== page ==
In Yet Another Record(s)-Setting Performance, Drew Brees Re-Introduced Himself as One of the Greats of Past and Present
To be honest, I’m fresh out of new ways to acknowledge, applaud, and admire Drew Brees’ continued greatness. When he “finally” threw the 540th touchdown pass of his career - after the officials made it clear that not even the most flawless game in NFL history will go by without them raining on the Saints’ parade, this time with a bullshit call that put history on hold until the second half - it honestly felt like the 540th time we’ve celebrated a living (and growing) legend. After reading off the following laundry list, it appears that isn’t anywhere near as hyperbolic as you’d think…
At this point, I feel stupid for not having a boilerplate statement prepared with blanks being left open for the specifics of mathematically inconceivable milestones and the increasingly defied age at which they were met. I guess what I am trying to say is that I am almost exhausted beyond words by the excellence of a quarterback who broke the record for career touchdown passes and the record for completion percentage in a game with a performance that felt pretty damn familiar. The truth is, if two contested catches had hit the ground over the course of Monday’s master class then it realistically would have had the eerily similar look of a lesson that you couldn’t pick out of lineup of those he has taught dumbfounded defenses over the last decade plus. For that reason, I was left looking like Teddy Bridgewater in the wake of a performance that was both awe-inspiring and somehow relatively run-of-the-most-finely-tuned-mill...
As for what his resurgence means for this season’s Saints team? Well, it can ditch the disguise, because it couldn’t possibly be more clear that Drew Brees’ thumb injury was just a flat-out blessing. Credit to Sean Payton's savvy, Teddy Bridgewater’s temperament, and the defense’s dominance for keeping everything in cruise control, because that early undefeated streak is at least partially responsible for Clark Kent hitting the phone booth when his duty is most urgently calling. The Saints’ ultimate equalizer is peaking, and what's largely been a pretty average offense looks primed and postseason-ready as a result. The freshness of a player who has looked 40-years-young is the closet thing to a failsafe or a fix-all, and that’s a hell of a thing for a team dealing with a bunch of injuries on the opposite side of the ball to suddenly fall back on. It helps that Drew Brees has a tool at his disposal, in Michael Thomas, that is unprecedentedly infallible in execution, but the important thing is that the arm utilizing him isn't dinged up or diminished like it appeared to be late last season.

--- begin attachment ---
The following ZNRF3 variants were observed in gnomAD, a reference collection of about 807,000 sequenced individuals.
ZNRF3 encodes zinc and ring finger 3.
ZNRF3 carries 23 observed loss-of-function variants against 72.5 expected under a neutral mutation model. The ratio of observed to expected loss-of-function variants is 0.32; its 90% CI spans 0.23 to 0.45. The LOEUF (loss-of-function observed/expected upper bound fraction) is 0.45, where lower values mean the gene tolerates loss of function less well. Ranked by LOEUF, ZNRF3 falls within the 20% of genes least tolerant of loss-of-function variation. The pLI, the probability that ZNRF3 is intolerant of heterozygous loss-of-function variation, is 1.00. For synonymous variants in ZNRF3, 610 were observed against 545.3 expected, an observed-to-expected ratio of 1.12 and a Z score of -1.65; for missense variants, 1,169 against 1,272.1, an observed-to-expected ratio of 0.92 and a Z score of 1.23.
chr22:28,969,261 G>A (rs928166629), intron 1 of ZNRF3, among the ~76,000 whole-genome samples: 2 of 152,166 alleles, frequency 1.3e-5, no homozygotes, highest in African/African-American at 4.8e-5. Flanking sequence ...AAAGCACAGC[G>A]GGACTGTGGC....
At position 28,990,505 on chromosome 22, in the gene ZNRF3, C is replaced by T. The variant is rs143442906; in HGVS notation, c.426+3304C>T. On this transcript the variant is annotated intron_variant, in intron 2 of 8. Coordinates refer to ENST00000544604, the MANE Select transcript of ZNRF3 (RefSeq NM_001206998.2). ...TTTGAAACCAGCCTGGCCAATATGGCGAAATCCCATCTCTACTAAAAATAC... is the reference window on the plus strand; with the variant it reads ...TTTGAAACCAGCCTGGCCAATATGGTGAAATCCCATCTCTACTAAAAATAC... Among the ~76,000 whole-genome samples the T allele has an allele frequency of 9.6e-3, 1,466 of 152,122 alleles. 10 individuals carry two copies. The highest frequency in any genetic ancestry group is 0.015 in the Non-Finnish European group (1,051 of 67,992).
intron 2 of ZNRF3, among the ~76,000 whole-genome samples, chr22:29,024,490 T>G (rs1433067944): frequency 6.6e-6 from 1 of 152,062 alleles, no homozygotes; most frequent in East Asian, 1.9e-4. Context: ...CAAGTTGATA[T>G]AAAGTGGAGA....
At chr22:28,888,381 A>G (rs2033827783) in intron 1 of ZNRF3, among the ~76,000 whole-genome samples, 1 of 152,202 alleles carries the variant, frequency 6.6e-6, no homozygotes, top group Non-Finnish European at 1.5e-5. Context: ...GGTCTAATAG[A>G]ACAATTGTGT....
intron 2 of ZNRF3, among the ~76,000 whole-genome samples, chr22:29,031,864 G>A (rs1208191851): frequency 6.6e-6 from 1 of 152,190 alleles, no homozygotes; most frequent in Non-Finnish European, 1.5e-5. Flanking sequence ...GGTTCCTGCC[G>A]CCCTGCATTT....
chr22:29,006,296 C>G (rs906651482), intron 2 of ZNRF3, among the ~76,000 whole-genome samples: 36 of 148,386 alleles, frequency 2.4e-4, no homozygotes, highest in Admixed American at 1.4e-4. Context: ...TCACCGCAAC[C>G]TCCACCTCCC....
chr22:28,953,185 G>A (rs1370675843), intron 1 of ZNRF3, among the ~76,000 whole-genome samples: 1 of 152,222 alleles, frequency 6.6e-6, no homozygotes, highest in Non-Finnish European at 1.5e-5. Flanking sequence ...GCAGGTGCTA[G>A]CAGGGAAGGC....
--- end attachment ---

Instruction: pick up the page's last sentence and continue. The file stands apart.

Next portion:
I am interested to see what's in store this Sunday in Tennessee. The safest bet for a blowout is the Saints playing in the Dome in primetime when their All-World quarterback has his heart set and his eyes focused on putting another record in the rearview, and having the Super Bowl team in attendance for their 10-year anniversary might as well have guaranteed it a Monday Night massacre. It almost wasn’t even fair to expect the Colts, and a QB that looked much like…well…someone who was shocked to find out that he was taking the reigns of a presumed contender from a revered star who retired ten or so days before the season, to put up such an uphill fight.
For that reason, I want to see if a depleted pass rush can show better than it did against a solid offensive line that’s been entirely intact all season. The secondary won’t be granted the collective mile of margin for error like they were offered by Jacoby Brissett’s off-target throws, so whether or not they are able to give Ryan Tannehill fear-induced flashbacks to the days in which Adam Gase whispered sour nothings into his ear will speak volumes about their playoff readiness. Home-field advantage is but a pipe dream so seeing the offense keep their foot on the gas and/or an opponent's throat outdoors would also be a soothing sight for sore eyes.
That said, they couldn’t have put together a more comforting bounce-back game than they did against the Colts. The return of a remotely reliable AJ Klein allowed Demario Davis to put his full range of disruptiveness on full display and the secondary, which will be leaned on more heavily with the defensive line down three firsts worth of talent, was solid when it had to be. Most importantly, the unstoppable force we’ve seen routinely shatter records from under center kept gaining the type of momentum that even the most immovable of objects would worry about meeting head-on when it matters most.